The can can

Jan 27, 2010 at 12:00 am

How Many Licks? (or, How to Estimate Damn Near Everything)
by Aaron Santos, Ph.D.
Running Press; 175 pp.

In your entire life, how many times will you poop? And if you collected it all, how much would it weigh? Would it all fit in a train car? What about an Olympic-size swimming pool? I think about this shit all the time. Are you haunted by these questions too? If so, contact the author, physicist Aaron Santos at [email protected]. Or stalk him — his website says he's a U-M post-doctoral researcher. Santos, a master of the Fermi method of approximations, is the go-to dude for rounding off, approximating and sizing up just about everything. —Travis R. Wright

The Alphabet of Manliness
Citadel Press; 204 pp. 

Author Maddox comes off like some self-conscious Idahoan who strolls around in cut-off fatigue shorts sporting a total Chuck Norris for guys like Dane Cook, Gene Simmons and Stone Cold Steve Austin. A is for Ass Kicking, C is for Copping a Feel, G is for Gas, L is for Lumberjack and N  … go figure … is for Norris, Chuck. So Maddox is a bit of a douche, but he's funny enough to indulge while that Pad Thai takes its toll on your sphincter.

How manly is this catalogue of testosterone? "So manly," writes Maddox, "that it needs to be shaved." —TRW

The Quotable Douchebag: A Treasury of Spectacularly Stupid Remarks
Compiled by Margret McGuire
Quirk; 144 pp.

Look at that guy on the cover then look at yourself. Back at that guy. Now at yourself again. One more time. Are you a douche bag? Have you ever said, "Osama Bin Laden is the only one who knows exactly what I'm going through?" R. Kelly has, and he's a douche bag. Try this one on: "Facts are stupid things." Credit that one to O.D. (that's original douche bag) Ronald Reagan. And let's not forget fat old Rush Limbaugh: "Slavery built the south. I'm not saying we should bring it back; I'm just saying it had its merits. For one thing, the streets were safer after dark." Complete and total douche. Women can be douche bags too. Take Paris Hilton, who said, "I love being all natural." Or better yet, Ann Coulter: The government should be spying on all Arabs, engaging in torture as a televised sport." A d'bag teabag! —TRW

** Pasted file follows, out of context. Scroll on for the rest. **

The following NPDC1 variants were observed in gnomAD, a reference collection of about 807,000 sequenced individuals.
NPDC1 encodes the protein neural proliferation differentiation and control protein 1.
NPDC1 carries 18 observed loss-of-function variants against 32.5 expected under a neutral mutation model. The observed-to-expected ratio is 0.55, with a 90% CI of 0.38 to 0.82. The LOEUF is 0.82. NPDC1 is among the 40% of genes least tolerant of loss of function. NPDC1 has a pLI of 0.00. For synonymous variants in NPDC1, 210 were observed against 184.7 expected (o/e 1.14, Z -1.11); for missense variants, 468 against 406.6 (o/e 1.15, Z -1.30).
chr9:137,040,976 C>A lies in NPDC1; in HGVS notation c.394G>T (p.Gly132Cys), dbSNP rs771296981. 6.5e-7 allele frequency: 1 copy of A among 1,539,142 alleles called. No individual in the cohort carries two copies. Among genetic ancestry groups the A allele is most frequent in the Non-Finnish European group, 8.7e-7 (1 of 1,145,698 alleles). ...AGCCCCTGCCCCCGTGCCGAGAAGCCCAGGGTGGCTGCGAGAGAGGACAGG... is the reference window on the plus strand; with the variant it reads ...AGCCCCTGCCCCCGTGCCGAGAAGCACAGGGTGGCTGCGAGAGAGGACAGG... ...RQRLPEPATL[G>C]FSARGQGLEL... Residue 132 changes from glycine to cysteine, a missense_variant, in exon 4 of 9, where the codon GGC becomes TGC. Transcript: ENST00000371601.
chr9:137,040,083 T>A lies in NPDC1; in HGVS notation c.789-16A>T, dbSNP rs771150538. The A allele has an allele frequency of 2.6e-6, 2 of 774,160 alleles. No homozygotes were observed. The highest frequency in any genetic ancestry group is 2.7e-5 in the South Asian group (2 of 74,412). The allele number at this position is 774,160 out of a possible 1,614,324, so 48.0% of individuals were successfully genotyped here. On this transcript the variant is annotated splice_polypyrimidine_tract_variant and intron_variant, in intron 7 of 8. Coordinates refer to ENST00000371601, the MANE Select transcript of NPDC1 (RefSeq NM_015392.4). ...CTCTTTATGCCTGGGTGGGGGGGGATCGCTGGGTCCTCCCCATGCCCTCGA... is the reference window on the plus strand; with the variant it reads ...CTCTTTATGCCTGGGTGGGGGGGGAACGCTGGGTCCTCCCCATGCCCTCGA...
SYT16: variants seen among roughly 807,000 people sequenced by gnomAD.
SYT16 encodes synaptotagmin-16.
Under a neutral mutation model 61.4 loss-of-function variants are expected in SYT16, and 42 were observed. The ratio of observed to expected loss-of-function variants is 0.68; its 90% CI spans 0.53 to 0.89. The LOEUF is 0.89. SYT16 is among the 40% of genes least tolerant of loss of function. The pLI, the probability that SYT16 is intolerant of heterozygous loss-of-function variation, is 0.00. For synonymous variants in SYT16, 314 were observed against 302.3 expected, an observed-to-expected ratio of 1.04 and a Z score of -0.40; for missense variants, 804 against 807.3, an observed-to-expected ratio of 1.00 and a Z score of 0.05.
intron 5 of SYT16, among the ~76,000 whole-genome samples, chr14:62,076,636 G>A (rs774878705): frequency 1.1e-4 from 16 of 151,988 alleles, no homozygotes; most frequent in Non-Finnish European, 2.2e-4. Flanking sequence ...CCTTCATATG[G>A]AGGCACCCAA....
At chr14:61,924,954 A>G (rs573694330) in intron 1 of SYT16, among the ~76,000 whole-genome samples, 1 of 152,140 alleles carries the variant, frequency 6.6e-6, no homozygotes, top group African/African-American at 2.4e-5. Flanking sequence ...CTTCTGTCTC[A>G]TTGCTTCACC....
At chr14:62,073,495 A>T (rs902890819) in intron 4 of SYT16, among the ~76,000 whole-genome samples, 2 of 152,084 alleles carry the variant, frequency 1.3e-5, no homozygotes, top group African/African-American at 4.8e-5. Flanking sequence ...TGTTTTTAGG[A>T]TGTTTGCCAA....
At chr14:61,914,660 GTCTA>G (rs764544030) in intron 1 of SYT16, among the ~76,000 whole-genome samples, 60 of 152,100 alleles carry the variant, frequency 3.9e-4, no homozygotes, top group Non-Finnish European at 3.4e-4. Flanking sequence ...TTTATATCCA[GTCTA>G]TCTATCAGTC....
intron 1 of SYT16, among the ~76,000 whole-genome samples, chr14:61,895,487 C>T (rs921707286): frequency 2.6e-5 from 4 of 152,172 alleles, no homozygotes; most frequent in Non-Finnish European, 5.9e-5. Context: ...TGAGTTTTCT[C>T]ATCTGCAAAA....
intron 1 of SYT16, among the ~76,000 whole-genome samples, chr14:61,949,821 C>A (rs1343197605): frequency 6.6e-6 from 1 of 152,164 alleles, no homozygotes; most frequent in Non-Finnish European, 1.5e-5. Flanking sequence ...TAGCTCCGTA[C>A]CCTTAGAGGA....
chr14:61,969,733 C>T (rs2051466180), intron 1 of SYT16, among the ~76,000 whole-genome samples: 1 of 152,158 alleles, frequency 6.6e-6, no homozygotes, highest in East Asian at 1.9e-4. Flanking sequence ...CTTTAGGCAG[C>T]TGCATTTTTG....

Music Listography: Your Life in (play) Lists
by Lisa Nola
Chronicle Books; 159 pp.

Forget your coffee and crossword. Grab a writing utensil, a can of Ozium, some two-ply, your iPod, a freshly rolled doob and get ready for some extracurricular, totally craptacular time spent. Rad illustrative work from Michael Gillette makes Music Listography only that much more shitastic. What songs do you want played at your funeral? Best cover songs? Favorite concerts captured on film? List a song that reminds you of each lover you've had; list the albums you'd bring on a spaceship if you were leaving planet Earth; list your favorite one-hit wonders; the moments in music you'll never forget. You get the point. —TRW

Bent Objects: The Secret Life of Everyday Things
by Terry Border
Running Press; 144 pp.